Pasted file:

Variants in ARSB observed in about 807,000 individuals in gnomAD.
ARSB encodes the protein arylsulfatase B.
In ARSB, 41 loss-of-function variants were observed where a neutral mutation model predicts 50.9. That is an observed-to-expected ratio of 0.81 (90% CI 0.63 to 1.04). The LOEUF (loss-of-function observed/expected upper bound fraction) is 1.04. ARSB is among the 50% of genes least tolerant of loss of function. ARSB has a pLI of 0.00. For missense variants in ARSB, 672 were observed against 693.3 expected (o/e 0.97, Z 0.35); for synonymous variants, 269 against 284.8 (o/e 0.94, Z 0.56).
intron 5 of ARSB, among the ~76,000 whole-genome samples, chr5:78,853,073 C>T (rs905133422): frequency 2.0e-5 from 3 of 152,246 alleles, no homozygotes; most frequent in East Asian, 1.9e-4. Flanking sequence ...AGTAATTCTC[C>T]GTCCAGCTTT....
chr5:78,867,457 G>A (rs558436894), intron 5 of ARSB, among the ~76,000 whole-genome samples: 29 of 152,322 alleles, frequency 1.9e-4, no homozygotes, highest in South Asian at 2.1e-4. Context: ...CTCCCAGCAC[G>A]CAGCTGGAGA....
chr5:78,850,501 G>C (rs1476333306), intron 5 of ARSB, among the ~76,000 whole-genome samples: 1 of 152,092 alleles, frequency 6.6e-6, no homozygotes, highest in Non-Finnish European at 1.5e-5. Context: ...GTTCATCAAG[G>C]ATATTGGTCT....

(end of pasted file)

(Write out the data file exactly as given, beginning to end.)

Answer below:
Variants in ARSB observed in about 807,000 individuals in gnomAD.
ARSB encodes the protein arylsulfatase B.
In ARSB, 41 loss-of-function variants were observed where a neutral mutation model predicts 50.9. That is an observed-to-expected ratio of 0.81 (90% CI 0.63 to 1.04). The LOEUF (loss-of-function observed/expected upper bound fraction) is 1.04. ARSB is among the 50% of genes least tolerant of loss of function. ARSB has a pLI of 0.00. For missense variants in ARSB, 672 were observed against 693.3 expected (o/e 0.97, Z 0.35); for synonymous variants, 269 against 284.8 (o/e 0.94, Z 0.56).
intron 5 of ARSB, among the ~76,000 whole-genome samples, chr5:78,853,073 C>T (rs905133422): frequency 2.0e-5 from 3 of 152,246 alleles, no homozygotes; most frequent in East Asian, 1.9e-4. Flanking sequence ...AGTAATTCTC[C>T]GTCCAGCTTT....
chr5:78,867,457 G>A (rs558436894), intron 5 of ARSB, among the ~76,000 whole-genome samples: 29 of 152,322 alleles, frequency 1.9e-4, no homozygotes, highest in South Asian at 2.1e-4. Context: ...CTCCCAGCAC[G>A]CAGCTGGAGA....
chr5:78,850,501 G>C (rs1476333306), intron 5 of ARSB, among the ~76,000 whole-genome samples: 1 of 152,092 alleles, frequency 6.6e-6, no homozygotes, highest in Non-Finnish European at 1.5e-5. Context: ...GTTCATCAAG[G>C]ATATTGGTCT....